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PLoS Comput Biol. 2016 Dec 16;12(12):e1005283. doi: 10.1371/journal.pcbi.1005283. eCollection 2016 Dec.

The Multilayer Connectome of Caenorhabditis elegans.

Author information

1
Neurobiology Division, MRC Laboratory of Molecular Biology, Cambridge, United Kingdom.
2
HHMI Janelia Research Campus, Ashburn, VA, United States of America.
3
Department of Biological Sciences, Columbia University, New York, NY, United States of America.
4
Department of Psychiatry, University of Cambridge, Cambridge United Kingdom.
5
ImmunoPsychiatry, Alternative Discovery & Development, GlaxoSmithKline R&D, Cambridge United Kingdom.

Abstract

Connectomics has focused primarily on the mapping of synaptic links in the brain; yet it is well established that extrasynaptic volume transmission, especially via monoamines and neuropeptides, is also critical to brain function and occurs primarily outside the synaptic connectome. We have mapped the putative monoamine connections, as well as a subset of neuropeptide connections, in C. elegans based on new and published gene expression data. The monoamine and neuropeptide networks exhibit distinct topological properties, with the monoamine network displaying a highly disassortative star-like structure with a rich-club of interconnected broadcasting hubs, and the neuropeptide network showing a more recurrent, highly clustered topology. Despite the low degree of overlap between the extrasynaptic (or wireless) and synaptic (or wired) connectomes, we find highly significant multilink motifs of interaction, pinpointing locations in the network where aminergic and neuropeptide signalling modulate synaptic activity. Thus, the C. elegans connectome can be mapped as a multiplex network with synaptic, gap junction, and neuromodulator layers representing alternative modes of interaction between neurons. This provides a new topological plan for understanding how aminergic and peptidergic modulation of behaviour is achieved by specific motifs and loci of integration between hard-wired synaptic or junctional circuits and extrasynaptic signals wirelessly broadcast from a small number of modulatory neurons.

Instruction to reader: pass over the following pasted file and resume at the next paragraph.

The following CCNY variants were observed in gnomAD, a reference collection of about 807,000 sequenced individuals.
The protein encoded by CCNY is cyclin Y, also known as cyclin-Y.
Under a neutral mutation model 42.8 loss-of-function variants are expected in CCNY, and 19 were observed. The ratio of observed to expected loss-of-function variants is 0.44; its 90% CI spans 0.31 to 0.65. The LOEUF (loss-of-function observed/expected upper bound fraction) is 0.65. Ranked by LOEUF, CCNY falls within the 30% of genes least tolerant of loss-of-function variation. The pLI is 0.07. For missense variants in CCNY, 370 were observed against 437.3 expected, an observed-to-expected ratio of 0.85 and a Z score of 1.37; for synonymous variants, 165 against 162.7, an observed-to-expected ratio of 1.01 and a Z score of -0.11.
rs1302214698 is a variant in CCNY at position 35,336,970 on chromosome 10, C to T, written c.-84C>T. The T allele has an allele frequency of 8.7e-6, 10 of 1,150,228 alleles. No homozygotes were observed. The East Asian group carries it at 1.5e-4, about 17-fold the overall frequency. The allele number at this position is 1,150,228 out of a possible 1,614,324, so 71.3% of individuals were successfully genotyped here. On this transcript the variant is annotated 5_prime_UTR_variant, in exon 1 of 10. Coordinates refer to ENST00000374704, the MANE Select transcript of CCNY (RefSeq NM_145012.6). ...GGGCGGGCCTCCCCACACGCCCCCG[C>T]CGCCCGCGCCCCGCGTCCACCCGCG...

PMID:
27984591
PMCID:
PMC5215746
DOI:
10.1371/journal.pcbi.1005283
[Indexed for MEDLINE]
Free PMC Article

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